I wrote about trying to use TwitteR to download AGU13 tweets. I'm getting fewer and fewer with my calls. I was very excited to try Webometric Analyst from Wolverhampton and described by Kim Holmberg in his ASIST webinar (BIG pptx, BIG wmv).
One of the things Webometric Analyst will do is do repeated searches until you tell it to stop. This was very exciting. But I tried it and alas, I think Twitter thinks I'm abusive or something because it was way throttled. Like I could see the tweets flying up on the screen at twitter.com but the search was retrieving like 6. I ran the R search mid-day today and got 99 tweets back which covered 5 minutes O_o. I asked for up to 2000, from the whole day, and had it set to retry if stopped.
I made an assumption and was called on it on Liblicense. I was under the impression that to be published you ( or someone from your place of work if it's work-for-hire like at mpow) had to have signed a copyright agreement. Turns out that over time, some publishers have been a little slipshod with this. They didn't follow up or they made some statement that if the author didn't sign, the transfer was assumed or claimed or whatever. Even if they got the agreement, they might not still have it.
Huh. According to Laura Quilter on LibLicense, in the US there has to be a signed agreement. So... makes you wonder... could these people who never signed agreements claim their own copyright back? Post their articles wherever they want? Or maybe it would still have to be the content stripped of all the publisher specific formatting and logo?
So I said I wouldn't analyze the data from '13 because I'm already underwater, I have plenty, and I need to get done. However, I figured that I had already figured out oauth and using twitteR so no harm in running a couple commands, stashing the data somewhere, and maybe pulling it out if there's a specific question or maybe later when turning my dissertation into an article (should I live so long!).
I thought well, it will give me about 2 weeks worth, but maybe I should give it a try while the conference is still going to make sure everything works ok. Well crap. I'm getting anywhere from 99 to 1000 tweets per query... and that's covering like at most 3 hours... and I can't seem to fill in the rest. Bummer.
The search has a sinceid but no untilid... and it has since and until for dates - but full days not down to the hour or minute or anything. So I'm really able to get 9pm-midnight GMT. Huh.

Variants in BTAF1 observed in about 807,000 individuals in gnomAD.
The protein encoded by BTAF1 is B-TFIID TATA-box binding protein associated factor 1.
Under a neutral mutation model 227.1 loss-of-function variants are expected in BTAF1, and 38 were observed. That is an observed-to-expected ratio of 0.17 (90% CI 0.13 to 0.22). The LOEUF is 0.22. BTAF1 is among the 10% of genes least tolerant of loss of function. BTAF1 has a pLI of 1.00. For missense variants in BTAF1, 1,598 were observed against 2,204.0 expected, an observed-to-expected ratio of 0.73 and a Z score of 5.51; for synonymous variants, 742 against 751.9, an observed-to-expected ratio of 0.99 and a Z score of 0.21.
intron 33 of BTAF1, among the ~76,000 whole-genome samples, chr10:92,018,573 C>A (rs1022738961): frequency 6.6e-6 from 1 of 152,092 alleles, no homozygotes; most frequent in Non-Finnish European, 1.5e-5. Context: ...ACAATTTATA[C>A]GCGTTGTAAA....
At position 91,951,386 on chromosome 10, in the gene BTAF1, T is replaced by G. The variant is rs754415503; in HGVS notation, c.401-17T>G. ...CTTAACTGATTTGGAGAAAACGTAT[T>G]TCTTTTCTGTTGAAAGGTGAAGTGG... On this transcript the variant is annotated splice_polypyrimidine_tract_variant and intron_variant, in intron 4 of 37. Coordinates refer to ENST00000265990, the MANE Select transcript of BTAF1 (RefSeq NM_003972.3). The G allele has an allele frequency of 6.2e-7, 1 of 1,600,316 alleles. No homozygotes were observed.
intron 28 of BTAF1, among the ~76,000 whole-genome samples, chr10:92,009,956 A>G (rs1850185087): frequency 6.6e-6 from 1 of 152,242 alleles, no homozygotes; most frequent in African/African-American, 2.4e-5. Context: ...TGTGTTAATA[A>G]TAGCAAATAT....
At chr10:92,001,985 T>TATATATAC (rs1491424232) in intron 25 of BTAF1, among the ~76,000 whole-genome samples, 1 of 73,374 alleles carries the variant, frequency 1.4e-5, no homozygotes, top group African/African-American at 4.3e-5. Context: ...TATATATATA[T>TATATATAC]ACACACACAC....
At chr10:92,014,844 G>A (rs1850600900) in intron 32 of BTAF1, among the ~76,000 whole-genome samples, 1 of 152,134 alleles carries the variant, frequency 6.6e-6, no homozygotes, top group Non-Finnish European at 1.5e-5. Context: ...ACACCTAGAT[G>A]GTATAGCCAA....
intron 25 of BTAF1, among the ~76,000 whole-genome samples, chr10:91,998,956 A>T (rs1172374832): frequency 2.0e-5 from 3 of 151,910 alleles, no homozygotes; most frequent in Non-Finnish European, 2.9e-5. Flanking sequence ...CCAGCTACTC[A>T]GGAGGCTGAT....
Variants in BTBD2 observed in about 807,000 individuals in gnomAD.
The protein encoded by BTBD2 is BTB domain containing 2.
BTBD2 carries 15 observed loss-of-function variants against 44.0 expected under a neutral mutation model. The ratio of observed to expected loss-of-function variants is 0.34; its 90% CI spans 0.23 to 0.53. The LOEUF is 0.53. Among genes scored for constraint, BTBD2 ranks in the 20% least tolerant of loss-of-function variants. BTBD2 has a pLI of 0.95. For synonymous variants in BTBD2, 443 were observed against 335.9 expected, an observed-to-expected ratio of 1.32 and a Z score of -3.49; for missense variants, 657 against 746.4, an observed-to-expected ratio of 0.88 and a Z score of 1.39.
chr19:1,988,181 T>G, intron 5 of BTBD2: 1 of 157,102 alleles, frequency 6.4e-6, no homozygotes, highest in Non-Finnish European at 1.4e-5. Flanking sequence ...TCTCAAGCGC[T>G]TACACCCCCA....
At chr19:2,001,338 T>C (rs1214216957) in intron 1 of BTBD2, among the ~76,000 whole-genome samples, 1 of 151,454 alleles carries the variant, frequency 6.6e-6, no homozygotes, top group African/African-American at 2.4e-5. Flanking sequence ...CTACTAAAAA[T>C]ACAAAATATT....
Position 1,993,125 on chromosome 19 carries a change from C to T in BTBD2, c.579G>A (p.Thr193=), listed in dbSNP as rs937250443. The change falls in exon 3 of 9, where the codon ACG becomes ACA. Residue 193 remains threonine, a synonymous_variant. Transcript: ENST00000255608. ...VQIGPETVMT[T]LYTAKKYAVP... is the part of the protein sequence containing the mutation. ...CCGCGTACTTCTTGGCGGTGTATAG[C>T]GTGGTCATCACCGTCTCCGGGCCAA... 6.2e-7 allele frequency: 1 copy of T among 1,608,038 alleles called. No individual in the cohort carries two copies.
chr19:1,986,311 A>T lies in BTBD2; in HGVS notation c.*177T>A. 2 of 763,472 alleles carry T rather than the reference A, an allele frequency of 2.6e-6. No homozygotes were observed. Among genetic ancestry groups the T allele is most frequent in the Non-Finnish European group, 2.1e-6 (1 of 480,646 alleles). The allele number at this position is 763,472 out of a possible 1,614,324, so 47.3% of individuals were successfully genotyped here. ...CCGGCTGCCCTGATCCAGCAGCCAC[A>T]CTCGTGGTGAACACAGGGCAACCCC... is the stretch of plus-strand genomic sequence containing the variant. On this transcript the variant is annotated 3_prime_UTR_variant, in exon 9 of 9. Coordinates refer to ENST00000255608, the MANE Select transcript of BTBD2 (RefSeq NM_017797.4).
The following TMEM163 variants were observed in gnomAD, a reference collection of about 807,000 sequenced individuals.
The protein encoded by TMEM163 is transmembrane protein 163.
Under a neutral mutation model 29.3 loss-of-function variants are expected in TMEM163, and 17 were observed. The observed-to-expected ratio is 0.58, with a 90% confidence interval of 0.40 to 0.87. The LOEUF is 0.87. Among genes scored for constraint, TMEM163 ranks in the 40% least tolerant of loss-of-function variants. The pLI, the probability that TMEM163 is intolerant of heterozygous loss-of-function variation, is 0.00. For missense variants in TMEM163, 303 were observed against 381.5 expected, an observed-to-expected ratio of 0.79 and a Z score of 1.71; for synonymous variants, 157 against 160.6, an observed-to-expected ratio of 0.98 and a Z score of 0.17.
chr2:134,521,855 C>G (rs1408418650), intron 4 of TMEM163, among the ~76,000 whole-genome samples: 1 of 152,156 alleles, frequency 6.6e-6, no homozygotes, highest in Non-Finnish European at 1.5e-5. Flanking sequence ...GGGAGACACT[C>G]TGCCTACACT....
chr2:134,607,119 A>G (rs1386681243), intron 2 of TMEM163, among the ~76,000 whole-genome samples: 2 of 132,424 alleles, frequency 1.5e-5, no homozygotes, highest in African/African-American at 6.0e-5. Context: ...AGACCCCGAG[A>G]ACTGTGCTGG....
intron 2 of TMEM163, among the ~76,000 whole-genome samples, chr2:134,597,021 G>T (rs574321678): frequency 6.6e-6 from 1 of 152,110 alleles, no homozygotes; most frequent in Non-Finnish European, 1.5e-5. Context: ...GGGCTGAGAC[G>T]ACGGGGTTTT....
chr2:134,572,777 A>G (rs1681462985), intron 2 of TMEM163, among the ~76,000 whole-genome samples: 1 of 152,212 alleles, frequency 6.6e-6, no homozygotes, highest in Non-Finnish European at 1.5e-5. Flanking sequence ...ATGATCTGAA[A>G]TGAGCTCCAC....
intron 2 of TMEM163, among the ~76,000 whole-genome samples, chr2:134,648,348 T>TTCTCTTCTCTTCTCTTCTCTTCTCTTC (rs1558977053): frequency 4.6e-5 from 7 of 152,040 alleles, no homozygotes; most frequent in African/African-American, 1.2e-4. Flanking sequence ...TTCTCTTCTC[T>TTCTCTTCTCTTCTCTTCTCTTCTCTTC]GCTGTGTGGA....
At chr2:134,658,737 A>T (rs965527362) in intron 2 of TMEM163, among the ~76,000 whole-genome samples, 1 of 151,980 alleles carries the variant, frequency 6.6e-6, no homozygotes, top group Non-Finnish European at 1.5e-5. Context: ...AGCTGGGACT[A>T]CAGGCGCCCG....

I watched Kim Holmberg's fabulous webinar today, so I'm going to try something he suggested to see if that helps. Otherwise, I kinda need to run the search throughout the day, which I can do if I work from home, but I will have missed the most important days of the conference. It's tapering off now. Sigh.
I should be more positive: picking up steam. Or picking up steam! But it's really pretty tenuous with the busyness at home and whatnot.
Here's where I am now... still (months late) analyzing the actual tweets as we head into the next conference. I'm going to collect and save this year's even if I don't plan to analyze it.
Started interviews and interviewee tweeted about the interview which I think is awesome, but Bo (*) would frown upon.
Research talk Tuesday (eek!) for CASCI. I had hoped it would be livestreamed but I haven't heard about that to share the details. I will post the slides to SlideShare.
So anyway, I'm still alive. Lots of new papers on blogging, incidentally. Here are 3 (one via Jason Priem the others... I don't remember where I found them?)
Hank, C. (2013). Communications in blogademia: An assessment of scholar blogs’ attributes and functions New Review of Information Networking, 18(2), 51-69. doi:10.1080/13614576.2013.802179
Luzón, M. J. (2013). Public communication of science in blogs: Recontextualizing scientific discourse for a diversified audience. Written Communication, 30(4), 428-457. doi:10.1177/0741088313493610 <- reading this now, and I like it, but the research methods are sort of inadequately described? I mean, I guess I'm not used to reading rhetoric papers, maybe this is typical? worth a blog post for sure